EAST MILLINOCKET, Maine — Gov. Paul LePage’s staff is working to determine whether he should submit a governor’s bill to the Legislature proposing the creation of a cold case squad to help solve the 33-year-old unsolved murder of Joyce McLain, officials said.
Patrick Day, a volunteer working with Rep. Steve Stanley, D-Medway, on the proposed legislation, said that he and Stanley met with LePage on Dec. 2 to enlist the governor’s support on the issue.
The Legislative Council, a leadership group with control over what issues legislators will address during the session that begins in January, voted 5-5 on Nov. 21 against allowing Stanley’s proposal creating the squad to be considered by legislators this spring.
The Maine Constitution limits bills in the second year of each legislative session to those of an emergency nature, proposed by the governor, forwarded by citizen petition, budgetary or study bills.
No final decisions have been made, LePage spokeswoman Adrienne Bennett said, but the staff is “working with the Legislature on this, and we will review the bill language to consider the matter further.”
LePage has not committed to submitting the bill to the Legislature, Bennett said.
The Maine attorney general’s office, which prosecutes state homicide investigations, has Assistant Attorney General Lara M. Nomani assigned to review cold cases, but no state police investigator works them full time. Investigators work cold cases when not handling more active probes, officials have said.
Nomani has about 120 cases. The cases include Bangor and Portland police investigations and missing persons cases or suspicious deaths where homicide is suspected. Bangor, Portland and state police handle murder investigations.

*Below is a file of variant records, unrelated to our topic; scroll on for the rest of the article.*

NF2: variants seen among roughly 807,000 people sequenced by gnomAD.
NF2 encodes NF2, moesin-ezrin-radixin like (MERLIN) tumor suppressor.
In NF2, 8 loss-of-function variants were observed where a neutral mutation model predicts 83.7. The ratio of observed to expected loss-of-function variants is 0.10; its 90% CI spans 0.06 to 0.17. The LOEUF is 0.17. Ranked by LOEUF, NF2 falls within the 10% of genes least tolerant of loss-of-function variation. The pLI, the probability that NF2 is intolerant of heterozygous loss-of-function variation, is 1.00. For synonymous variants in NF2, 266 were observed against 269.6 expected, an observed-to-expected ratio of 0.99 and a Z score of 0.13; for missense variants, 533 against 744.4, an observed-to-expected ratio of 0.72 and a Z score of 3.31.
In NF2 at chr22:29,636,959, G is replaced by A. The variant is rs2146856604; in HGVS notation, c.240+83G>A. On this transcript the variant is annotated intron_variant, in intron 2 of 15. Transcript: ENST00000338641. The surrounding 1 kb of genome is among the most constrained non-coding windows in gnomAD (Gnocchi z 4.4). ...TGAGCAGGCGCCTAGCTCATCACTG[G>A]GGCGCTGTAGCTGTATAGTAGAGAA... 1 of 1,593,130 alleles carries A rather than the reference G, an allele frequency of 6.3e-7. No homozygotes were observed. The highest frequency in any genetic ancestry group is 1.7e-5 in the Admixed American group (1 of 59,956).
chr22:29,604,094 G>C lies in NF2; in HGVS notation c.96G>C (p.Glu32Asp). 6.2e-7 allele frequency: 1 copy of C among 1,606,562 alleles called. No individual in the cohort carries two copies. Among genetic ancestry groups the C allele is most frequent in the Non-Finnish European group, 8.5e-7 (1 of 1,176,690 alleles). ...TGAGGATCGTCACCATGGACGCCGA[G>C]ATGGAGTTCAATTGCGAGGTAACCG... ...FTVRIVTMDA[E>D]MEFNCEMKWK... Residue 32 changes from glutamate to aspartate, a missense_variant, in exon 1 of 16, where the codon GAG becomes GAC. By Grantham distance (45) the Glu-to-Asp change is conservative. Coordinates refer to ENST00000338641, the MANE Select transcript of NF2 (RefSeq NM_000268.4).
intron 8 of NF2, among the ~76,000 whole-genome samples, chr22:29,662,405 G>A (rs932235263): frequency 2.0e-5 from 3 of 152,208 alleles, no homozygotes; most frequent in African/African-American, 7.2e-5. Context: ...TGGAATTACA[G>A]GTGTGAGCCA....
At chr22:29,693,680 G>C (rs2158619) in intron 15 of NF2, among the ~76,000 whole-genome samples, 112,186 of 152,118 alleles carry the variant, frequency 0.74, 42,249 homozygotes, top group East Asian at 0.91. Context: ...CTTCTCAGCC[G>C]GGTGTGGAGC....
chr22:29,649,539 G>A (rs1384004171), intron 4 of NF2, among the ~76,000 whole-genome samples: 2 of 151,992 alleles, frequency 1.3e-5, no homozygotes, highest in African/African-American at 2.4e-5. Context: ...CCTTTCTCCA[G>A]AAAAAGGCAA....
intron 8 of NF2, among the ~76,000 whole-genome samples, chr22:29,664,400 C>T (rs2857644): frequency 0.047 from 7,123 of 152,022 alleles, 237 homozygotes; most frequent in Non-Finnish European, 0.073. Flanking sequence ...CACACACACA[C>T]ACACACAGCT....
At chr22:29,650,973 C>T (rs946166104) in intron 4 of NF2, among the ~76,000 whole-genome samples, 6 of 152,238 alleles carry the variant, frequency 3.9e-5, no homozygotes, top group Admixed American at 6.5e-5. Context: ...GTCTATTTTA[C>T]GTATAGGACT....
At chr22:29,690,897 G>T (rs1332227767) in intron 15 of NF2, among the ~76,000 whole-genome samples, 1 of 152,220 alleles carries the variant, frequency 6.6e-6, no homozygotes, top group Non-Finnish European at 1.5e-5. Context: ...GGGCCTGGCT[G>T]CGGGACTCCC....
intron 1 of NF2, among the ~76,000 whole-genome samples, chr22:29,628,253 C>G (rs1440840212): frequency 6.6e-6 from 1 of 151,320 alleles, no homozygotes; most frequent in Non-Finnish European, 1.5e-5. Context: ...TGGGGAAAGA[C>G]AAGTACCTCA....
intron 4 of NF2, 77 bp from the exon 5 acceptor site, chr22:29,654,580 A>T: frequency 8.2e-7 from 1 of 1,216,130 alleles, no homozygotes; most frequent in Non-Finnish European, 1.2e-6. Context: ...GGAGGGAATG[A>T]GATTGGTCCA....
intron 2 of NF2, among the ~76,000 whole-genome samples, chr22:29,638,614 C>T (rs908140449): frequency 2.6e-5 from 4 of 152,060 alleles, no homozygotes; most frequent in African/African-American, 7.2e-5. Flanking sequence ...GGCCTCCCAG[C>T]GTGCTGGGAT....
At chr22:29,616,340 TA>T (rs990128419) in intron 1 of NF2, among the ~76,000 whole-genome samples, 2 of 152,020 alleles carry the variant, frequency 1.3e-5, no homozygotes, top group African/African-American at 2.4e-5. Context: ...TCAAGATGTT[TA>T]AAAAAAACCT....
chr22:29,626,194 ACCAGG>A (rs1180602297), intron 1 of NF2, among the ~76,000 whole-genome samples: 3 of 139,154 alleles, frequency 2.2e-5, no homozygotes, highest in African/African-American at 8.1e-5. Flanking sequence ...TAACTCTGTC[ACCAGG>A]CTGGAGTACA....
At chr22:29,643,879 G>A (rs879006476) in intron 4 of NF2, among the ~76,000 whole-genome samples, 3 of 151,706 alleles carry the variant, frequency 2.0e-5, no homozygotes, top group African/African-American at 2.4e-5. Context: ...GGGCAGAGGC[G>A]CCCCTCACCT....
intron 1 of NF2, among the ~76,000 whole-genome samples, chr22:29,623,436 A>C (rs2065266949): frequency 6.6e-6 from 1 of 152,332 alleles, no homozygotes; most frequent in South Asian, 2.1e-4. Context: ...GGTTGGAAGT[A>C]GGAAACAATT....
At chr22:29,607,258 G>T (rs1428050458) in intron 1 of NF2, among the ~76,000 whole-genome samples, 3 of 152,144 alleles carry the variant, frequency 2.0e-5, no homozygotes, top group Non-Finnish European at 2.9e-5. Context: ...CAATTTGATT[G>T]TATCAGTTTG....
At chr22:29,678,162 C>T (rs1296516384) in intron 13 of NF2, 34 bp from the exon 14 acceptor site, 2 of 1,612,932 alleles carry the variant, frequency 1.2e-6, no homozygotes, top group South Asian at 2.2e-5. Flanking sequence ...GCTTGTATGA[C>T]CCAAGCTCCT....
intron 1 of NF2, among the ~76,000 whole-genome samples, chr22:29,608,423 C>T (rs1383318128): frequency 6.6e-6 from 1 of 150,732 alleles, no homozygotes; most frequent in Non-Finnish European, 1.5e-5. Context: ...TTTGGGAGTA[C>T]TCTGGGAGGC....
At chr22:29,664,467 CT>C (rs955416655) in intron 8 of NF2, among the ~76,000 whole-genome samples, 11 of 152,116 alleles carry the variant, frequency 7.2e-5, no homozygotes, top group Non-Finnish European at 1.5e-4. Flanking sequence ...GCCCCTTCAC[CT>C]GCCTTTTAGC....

Maine Deputy Attorney General William Stokes, who supports Stanley’s proposal, has said the Legislature would have to allocate about $500,000 for the first year and $424,000 annually thereafter to fund a squad of two detectives, a part-time evidence tech and supporting office space and equipment.
A 2001 effort to create a squad died for lack of funding.
McLain was a 16-year-old sophomore when she disappeared while jogging in her neighborhood on the night of Aug. 8, 1980. Her body was found near school grounds on the morning of Aug. 10. She had been hit in the head with a blunt object, state police have said.
State police have said they have reviewed more than a dozen suspects and developed a voluminous case file but no arrests have been made. Stanley has said that a full-time squad would end a great deal of agony for Pamela McLain and other victims’ relatives by bringing justice to unsolved cases.
LePage said he would consider supporting Stanley’s efforts when they met last month.